The heart of Blasie’s article is an empirical survey of plain language laws (gathered through a laborious and comprehensive search). He found 14 distinct categories where such laws covered. The most – 509 of 776, or nearly 60% were consumer protection (laws governing consumer contracts), while the next largest category was laws governing executive function 12(2), judicial function (6%), housing (5%) and the like. That is, plain language laws are having their largest effect in the rules governing consumer contracts. Of these the plurality govern insurance contracts (42%), some sale of good transactions (16%). But some states—like Pennsylvania—have plain language laws that govern across industries, for all contracts worth less than a sum ($50,000 in Pennsylvania) a year.
What do such laws do? Blasie offers a wide variety of answers to that question, from substantive mandates about writing style and format, to certification regimes, to particular requirements like Connecticut, which requires consumer contracts to have an “ average number of words per sentence is less than 22; [with] no sentence [exceeding] 50 words; the average number of words per paragraph [to be] less than 75; … no paragraph [exceeding] 150 words; and the average number of syllables per word is less than 1.55.” Even in states with less precise requirements, most now states require consumer contracts to follow plain language prescriptions, or face fines and penalties.
Given this broad ranging regulatory movement, you might wonder: has the plain language movement for consumer contracts made the world better? Blasie concedes that we simply do not know:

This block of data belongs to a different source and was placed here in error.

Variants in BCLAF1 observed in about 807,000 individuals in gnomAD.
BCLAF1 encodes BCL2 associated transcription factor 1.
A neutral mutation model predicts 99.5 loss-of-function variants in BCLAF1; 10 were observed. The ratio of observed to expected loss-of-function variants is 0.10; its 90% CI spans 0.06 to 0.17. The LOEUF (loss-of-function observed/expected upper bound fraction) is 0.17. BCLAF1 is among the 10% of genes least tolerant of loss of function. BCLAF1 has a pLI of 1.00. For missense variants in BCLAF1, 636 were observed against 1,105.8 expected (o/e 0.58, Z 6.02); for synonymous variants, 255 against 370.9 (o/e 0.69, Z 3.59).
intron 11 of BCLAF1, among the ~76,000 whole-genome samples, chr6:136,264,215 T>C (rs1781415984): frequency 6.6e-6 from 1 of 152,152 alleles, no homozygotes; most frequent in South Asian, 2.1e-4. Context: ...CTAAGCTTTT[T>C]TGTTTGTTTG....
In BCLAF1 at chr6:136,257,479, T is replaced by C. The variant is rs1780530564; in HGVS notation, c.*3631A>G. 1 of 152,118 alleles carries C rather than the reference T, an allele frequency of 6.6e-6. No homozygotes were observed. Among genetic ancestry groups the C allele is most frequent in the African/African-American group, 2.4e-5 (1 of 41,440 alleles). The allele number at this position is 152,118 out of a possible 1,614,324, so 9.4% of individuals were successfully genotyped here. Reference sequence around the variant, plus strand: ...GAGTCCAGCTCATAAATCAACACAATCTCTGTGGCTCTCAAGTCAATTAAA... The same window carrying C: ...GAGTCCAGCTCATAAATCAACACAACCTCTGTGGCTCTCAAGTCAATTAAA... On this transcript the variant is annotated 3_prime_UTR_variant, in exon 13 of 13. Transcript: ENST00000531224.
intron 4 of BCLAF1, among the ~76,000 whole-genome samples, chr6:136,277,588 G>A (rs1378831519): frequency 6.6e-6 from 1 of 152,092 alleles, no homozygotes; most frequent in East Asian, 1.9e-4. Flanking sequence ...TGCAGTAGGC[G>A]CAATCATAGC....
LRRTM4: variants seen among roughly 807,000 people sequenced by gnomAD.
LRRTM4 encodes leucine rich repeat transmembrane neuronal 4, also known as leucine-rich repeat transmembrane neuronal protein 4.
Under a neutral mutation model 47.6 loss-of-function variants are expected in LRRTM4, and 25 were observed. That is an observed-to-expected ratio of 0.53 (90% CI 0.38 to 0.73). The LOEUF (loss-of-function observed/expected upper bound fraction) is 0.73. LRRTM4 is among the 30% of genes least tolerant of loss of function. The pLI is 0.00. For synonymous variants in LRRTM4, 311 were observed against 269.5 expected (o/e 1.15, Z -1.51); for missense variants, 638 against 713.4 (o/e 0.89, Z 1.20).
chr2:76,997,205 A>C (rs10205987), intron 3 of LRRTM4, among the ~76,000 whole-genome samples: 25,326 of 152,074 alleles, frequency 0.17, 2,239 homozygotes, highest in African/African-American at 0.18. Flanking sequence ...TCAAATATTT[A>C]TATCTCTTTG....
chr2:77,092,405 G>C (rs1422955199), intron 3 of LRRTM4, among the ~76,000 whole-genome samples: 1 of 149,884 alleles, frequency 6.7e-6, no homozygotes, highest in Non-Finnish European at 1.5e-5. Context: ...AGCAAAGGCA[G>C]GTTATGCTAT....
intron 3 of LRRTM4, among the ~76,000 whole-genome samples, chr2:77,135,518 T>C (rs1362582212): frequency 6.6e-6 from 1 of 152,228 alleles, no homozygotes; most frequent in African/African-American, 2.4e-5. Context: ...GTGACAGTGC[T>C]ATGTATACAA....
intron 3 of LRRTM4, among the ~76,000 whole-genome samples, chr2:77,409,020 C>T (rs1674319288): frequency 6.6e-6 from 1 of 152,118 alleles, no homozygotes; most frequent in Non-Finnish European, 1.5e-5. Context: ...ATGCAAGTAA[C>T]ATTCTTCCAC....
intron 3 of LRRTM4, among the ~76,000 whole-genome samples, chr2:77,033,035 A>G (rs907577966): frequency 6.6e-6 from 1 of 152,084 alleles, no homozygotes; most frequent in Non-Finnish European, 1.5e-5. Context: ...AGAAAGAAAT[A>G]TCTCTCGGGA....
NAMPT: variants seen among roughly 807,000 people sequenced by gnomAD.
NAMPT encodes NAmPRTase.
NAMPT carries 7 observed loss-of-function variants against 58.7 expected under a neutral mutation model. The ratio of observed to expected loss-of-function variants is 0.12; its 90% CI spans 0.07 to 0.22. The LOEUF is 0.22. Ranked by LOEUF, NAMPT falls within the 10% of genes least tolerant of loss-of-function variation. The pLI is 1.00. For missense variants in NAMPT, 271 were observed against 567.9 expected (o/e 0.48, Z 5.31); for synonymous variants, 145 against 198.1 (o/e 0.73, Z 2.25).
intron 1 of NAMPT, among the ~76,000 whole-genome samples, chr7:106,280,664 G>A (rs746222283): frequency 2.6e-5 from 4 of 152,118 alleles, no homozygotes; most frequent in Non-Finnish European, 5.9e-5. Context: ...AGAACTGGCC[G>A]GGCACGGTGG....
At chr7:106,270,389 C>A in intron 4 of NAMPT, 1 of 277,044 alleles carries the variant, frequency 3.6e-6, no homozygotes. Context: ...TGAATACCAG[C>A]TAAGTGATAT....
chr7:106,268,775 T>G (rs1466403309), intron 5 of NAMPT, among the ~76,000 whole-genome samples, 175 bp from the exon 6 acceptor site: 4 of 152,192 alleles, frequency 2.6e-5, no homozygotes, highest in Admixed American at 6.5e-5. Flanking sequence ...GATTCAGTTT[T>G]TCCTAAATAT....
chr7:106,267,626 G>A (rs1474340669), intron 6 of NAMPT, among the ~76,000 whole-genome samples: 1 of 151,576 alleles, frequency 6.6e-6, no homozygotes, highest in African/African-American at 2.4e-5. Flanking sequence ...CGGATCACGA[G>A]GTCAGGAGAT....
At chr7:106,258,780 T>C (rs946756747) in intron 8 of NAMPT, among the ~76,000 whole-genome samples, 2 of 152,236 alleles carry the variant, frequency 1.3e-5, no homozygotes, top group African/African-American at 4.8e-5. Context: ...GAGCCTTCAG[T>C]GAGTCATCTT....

So far, much of the research has been case studies into documents written for particular readers in specific contexts . . . no research has shown mass market benefits across all documents, industries, and contexts. Success in billing statements and agency letters does not necessarily translate to the same benefits and costs with quintessential, lengthy, complex legal documents like contracts.
This provides an opportunity for other scholars who can use Blasie’s categorization to ask necessary questions. First, do such laws actually change contracts: are consumers in states with strong plain language rules seeing contracts that look differently than those without, or are firms simply ignoring the regulatory overhang as much as contracts professors do? Second, are plain language contract terms more often read, understood, and therefore priced? I would be quite (pleasantly) surprised if that were the case. And, if not, who are plain language consumer contract laws actually benefiting? One possibility is that by increasing the price of contracting, plain language laws perversely reduce the supply of novel goods and services for consumers by creating artificial barriers to entry that help incumbents. Another is that the benefits from such laws are reaped by lawyers. Either way, it’s important to think carefully about this movement, which has swept opposition before it.
Blasie’s article, by giving us the tools to ask and answer a novel set of questions about consumer contracting, adds enormous value to the field. I recommend it to you.